# Ray diagrams, lenses and microscopes

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1. Jul 14, 2014

### u0362565

Hi all,

I've been reading about biconvex lenses, drawing ray diagrams and real/virtual images. I'm now trying to translate this into how an image is formed in a compound infinity optics microscope. And this has raised some questions:
-In an infinity optical system the object is placed at a distance (F) the focal point of the lens on the object side and therefore the lens converts the refracting rays to parallel ray bundles on the image side?
-Because the object is always placed at the focal point an image is not formed by the objective?
-The role of the tube lens is to converge the parallel rays travelling in line with the principal axis?
-The point at which the rays converge on passing through the tube lens is the focal point of the tube lens on the image side, the intermediate image plane?
-If the light travels in parallel lines between the objective and tube lens, is the light therefore collimated? And the objective is basically a collimator?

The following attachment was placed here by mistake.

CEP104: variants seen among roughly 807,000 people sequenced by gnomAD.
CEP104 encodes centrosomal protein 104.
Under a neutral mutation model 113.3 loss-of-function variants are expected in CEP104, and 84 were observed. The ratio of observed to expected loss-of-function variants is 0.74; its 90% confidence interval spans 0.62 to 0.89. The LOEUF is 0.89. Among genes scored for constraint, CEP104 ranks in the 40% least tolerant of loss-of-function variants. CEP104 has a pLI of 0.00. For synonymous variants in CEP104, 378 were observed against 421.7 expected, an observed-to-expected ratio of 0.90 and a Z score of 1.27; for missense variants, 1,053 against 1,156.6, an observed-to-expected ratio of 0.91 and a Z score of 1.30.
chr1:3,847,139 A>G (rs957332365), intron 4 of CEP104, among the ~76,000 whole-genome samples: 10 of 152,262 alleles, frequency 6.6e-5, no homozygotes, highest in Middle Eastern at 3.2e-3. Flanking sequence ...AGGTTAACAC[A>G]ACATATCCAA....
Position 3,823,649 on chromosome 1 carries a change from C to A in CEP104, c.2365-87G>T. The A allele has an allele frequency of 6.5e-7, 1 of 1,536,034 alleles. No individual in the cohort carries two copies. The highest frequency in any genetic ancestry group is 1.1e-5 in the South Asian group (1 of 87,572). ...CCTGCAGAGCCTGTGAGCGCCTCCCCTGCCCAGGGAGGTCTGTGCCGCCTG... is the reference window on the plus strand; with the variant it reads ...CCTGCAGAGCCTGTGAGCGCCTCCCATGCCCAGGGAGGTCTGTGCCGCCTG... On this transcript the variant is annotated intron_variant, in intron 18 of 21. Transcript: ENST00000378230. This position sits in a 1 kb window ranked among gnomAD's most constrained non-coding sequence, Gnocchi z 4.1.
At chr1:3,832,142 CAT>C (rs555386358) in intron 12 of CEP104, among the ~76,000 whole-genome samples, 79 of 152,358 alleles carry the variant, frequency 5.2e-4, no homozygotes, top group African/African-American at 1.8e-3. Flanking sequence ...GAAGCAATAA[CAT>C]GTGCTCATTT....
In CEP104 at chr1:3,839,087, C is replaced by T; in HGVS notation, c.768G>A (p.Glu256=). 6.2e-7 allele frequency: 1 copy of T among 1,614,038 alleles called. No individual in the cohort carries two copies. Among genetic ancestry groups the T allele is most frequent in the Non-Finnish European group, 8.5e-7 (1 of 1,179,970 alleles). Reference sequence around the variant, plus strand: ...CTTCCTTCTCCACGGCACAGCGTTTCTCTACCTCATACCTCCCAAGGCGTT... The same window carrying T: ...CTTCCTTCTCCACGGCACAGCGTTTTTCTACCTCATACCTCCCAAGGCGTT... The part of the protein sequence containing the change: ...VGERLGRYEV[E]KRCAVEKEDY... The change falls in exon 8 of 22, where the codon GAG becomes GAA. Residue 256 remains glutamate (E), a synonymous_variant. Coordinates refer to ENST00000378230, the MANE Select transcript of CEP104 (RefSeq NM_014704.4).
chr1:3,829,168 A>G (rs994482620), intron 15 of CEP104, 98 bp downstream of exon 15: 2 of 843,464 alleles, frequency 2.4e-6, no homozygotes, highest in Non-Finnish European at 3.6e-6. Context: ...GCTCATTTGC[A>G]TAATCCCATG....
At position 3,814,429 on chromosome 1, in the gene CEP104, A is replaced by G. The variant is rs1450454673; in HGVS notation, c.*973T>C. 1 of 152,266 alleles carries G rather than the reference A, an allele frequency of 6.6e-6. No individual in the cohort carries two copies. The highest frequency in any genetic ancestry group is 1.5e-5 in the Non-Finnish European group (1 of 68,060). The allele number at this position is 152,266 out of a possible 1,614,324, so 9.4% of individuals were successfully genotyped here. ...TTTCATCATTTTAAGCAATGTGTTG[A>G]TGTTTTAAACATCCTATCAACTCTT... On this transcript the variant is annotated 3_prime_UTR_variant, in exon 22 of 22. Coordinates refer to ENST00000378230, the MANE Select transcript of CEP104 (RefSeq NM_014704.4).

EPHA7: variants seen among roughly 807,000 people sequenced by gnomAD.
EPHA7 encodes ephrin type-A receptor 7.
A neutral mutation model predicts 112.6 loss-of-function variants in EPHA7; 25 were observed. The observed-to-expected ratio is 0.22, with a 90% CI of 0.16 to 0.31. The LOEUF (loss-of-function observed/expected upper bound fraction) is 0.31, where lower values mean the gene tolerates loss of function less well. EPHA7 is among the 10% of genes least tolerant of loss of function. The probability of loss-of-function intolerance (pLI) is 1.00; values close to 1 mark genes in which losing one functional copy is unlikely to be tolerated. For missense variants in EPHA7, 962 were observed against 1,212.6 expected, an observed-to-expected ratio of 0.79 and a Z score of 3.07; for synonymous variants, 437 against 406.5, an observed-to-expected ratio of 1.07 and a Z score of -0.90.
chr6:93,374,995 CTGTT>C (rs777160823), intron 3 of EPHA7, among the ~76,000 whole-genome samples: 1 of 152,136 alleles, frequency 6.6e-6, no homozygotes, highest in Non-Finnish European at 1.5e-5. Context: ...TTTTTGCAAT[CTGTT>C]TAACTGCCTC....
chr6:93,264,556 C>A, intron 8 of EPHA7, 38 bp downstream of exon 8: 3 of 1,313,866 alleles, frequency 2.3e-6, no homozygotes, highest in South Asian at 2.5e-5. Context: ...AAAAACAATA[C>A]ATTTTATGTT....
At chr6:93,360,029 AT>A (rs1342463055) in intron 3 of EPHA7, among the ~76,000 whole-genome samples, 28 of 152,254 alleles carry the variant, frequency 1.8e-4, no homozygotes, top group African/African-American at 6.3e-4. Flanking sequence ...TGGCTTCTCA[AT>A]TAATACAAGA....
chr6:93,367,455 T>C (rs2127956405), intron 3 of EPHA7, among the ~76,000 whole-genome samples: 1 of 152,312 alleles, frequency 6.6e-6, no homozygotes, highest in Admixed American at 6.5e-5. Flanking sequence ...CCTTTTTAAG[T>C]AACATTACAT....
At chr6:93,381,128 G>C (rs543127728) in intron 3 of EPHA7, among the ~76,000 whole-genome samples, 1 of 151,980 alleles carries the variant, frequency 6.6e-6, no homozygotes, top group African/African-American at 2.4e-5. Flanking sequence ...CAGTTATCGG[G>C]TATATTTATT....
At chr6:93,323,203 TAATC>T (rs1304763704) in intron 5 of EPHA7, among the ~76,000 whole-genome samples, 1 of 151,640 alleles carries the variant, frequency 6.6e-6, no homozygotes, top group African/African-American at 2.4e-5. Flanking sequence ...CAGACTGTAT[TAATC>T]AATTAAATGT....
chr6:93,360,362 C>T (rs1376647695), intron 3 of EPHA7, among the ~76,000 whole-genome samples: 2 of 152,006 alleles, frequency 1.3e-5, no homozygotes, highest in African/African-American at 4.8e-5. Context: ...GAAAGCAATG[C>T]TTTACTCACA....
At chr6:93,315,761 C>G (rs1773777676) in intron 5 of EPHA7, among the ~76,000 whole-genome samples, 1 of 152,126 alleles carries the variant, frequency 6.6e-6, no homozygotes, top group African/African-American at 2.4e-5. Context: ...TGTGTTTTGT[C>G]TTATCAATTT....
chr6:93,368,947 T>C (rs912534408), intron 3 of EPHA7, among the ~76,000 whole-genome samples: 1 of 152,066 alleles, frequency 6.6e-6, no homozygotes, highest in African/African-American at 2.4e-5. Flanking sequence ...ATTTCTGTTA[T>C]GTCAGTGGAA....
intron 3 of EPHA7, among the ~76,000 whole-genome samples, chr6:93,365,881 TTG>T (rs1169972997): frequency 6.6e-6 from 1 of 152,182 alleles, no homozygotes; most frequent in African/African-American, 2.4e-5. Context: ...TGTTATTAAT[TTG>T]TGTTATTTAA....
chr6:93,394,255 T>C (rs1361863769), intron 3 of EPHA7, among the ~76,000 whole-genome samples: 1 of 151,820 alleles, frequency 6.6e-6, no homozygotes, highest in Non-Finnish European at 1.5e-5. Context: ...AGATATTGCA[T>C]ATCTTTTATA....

Really i'm just wondering if my understanding on the above is correct? Ray diagrams tend to over-simplify things.

Thanks for the help!

2. Jul 16, 2014

### Andy Resnick

Basically, you are on the right track. A few comments:

1) don't confuse the focal length with the working distance. The working distance is the physical distance from the front of the objective to the sample plane.
2) The 'infinity region', between the objective and the tube lens, allows auxiliary optical components to be inserted (filters, etc.) without requiring adjustment of the sample plane.
3) By splitting the objective lens into objective+tube lens, aberration balancing and correction can be more easily designed (typically spherical and chromatic)- this is why infinity-corrected objectives made by one manufacturer can't easily be used with another manufacturer's microscopes.
4) It's possible to use an infinity-corrected objective all by itself- when we say the image plane is 'at infinity', in practice that means 'a meter or so'. Of course, you lose the aberration correction of the tube lens.

3. Jul 16, 2014

### u0362565

thanks andy that all makes sense. I had fairly simple lens and ray diagrams in my head so in this over-simplified example the focal length and the working distance are basically the same i think.. If you can create an image only with the objective lens then the light does eventually converge, so to think of it being parallel rays is only partially true i suppose.

cheers